One of the biggest companies in the US, General Electric, has started to replace company cars with the all-electric Chevrolet Volt in a move that has generated almost as many negative headlines as it has positive ones.
In late 2010, GE announced that it had plans to introduce electric vehicles as company cars in what it described as the biggest order for plug-in vehicles in the world. Now that is starting to take shape, but a company memo leaked to the press, which states that all these vehicles must be Chevrolet Volts, has prompted criticism that employees are being forced into the move and are not being given a choice of vehicles.
Volt Only Policy
The memo states a number of new policies regarding company cars for GE employees, including the confirmation that all sedans ordered in 2012 will be Volts, all minivans and crossovers will be replaced by the Volt, and only field engineers will be exempted from the Volt-only policy. It also states that employees can have rechargers fitted at home and that the cost of electricity for charging the vehicles can be claimed back.
Why is GE backing the Volt?
While many segments of the press have criticised the move, particularly those in the US that do not support green vehicles, the more appropriate question is: Why is GE backing the Volt?
The reason behind GE’s support for plug-in vehicles is obvious. The company is a developer of electric-charging stations, known as WattStations, and has a great deal of money at stake, not only in terms of product research and development but also in terms of advertising. GE has run a major campaign in recent months that includes television ads.
While creating additional demand for these recharging stations, GE will also most likely be saving money in the long-term on these company cars. Although the initial outlay is more – Volts start at just under US$40,000 (£25,000 Plus each – GE will qualify for $7,500 (£5,000 approx) in Federal tax credits per vehicle, and running them will be significantly cheaper. Electric vehicles are usually at least three times cheaper to recharge than petrol vehicles are to refuel.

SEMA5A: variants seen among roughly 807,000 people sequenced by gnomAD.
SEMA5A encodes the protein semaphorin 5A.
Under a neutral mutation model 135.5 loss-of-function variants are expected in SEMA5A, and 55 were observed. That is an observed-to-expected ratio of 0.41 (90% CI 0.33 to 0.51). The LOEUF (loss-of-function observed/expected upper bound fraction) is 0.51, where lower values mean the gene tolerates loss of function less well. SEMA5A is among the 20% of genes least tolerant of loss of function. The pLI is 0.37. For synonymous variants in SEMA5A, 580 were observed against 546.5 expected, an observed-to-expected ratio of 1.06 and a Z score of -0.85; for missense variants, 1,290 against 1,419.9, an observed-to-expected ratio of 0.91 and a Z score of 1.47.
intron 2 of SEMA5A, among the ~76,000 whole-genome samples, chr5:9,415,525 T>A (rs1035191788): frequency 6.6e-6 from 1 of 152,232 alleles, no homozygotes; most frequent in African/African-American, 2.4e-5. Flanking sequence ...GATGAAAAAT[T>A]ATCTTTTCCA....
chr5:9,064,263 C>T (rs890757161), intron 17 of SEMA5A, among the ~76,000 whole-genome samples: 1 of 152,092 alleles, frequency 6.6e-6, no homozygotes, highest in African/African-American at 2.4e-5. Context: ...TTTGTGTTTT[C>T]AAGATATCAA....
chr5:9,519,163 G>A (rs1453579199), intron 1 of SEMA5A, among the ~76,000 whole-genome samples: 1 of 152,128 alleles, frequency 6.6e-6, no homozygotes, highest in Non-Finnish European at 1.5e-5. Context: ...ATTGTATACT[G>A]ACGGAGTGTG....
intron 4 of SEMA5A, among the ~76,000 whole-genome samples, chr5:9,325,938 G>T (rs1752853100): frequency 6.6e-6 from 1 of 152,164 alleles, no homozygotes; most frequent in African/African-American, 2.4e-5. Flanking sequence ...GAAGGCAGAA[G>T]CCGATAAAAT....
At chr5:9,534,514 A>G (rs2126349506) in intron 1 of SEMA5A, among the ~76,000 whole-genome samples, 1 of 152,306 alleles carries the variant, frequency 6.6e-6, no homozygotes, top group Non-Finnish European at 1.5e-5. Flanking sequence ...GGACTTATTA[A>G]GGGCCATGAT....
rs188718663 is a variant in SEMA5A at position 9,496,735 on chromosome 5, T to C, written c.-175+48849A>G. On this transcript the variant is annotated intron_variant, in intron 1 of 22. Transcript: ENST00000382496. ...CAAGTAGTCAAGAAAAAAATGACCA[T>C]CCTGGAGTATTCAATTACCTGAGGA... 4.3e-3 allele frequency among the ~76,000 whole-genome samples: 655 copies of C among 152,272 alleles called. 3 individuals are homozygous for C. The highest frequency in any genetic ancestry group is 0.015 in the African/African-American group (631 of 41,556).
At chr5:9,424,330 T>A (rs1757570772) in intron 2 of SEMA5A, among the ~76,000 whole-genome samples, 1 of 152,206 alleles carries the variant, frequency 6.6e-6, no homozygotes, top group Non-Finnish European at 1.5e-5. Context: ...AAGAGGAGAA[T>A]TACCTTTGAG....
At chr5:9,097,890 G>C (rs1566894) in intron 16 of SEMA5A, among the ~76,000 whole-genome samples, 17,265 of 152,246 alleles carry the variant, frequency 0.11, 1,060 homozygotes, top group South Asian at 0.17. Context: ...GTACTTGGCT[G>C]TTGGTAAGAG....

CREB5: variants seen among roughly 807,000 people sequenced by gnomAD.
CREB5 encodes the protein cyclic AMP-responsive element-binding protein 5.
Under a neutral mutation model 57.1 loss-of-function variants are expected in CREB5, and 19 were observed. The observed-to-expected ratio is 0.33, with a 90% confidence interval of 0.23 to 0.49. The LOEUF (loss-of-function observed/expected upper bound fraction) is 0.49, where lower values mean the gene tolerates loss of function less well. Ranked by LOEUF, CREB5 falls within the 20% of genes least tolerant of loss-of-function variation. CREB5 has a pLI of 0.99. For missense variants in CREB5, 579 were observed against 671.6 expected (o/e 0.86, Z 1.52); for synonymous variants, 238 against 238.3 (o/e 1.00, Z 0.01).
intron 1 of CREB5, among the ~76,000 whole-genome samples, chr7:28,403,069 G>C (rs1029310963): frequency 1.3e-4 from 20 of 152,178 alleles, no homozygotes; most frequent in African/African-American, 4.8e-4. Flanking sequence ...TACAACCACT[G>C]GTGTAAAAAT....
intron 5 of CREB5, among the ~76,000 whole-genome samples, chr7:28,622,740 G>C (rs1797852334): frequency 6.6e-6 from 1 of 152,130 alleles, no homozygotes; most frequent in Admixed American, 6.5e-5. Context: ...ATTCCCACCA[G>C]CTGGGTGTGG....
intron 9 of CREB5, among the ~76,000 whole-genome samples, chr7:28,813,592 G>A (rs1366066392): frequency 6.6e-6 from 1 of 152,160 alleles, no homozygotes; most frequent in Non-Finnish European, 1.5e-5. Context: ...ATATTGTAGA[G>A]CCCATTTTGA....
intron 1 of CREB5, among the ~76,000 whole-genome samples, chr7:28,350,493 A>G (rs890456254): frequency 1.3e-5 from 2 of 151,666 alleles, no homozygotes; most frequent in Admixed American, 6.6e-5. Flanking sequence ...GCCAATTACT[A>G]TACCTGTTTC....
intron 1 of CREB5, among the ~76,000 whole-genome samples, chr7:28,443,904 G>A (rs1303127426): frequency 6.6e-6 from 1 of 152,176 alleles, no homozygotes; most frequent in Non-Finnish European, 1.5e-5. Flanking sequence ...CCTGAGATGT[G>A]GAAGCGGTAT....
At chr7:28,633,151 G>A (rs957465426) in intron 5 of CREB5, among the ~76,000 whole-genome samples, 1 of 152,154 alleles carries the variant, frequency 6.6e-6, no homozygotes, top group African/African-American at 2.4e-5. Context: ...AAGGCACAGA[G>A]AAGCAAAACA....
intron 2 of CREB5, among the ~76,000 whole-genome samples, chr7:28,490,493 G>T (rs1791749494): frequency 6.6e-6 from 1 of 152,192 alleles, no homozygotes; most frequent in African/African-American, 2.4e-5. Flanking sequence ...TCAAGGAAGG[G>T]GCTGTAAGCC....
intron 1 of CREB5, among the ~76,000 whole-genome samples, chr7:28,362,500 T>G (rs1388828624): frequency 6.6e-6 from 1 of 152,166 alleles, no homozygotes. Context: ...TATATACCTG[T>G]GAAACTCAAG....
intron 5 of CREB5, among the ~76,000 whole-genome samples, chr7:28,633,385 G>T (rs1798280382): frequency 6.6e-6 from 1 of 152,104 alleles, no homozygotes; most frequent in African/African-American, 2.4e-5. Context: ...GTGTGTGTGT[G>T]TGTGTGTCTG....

American Vehicle bought by American company
Why GE electric has backed Chevrolet in particular remains a mystery, but could be to do with the fact that these are American vehicles being bought by an all-American company. After all, much of Chevrolet’s competition in the electric market comes from Japanese and German automakers. More likely, the Volt probably works out cheaper than rivals – this is a decision that would have been taken following a whole series of calculations to make sure GE gets the best deal on its company car scheme.
Another interesting rule issued by GE for its company car policy is that employees will be permitted to use petrol with their Volts. Although surprising on the surface, particularly from a cost point of view, in reality, the majority of drivers will surely avoid this as they are unlikely to live outside of the range of their vehicles when driving to work and most will have chargers at home. In terms of car choice for employees, this may seem like a restrictive policy but, in terms of saving money and the environment, it looks like a winner.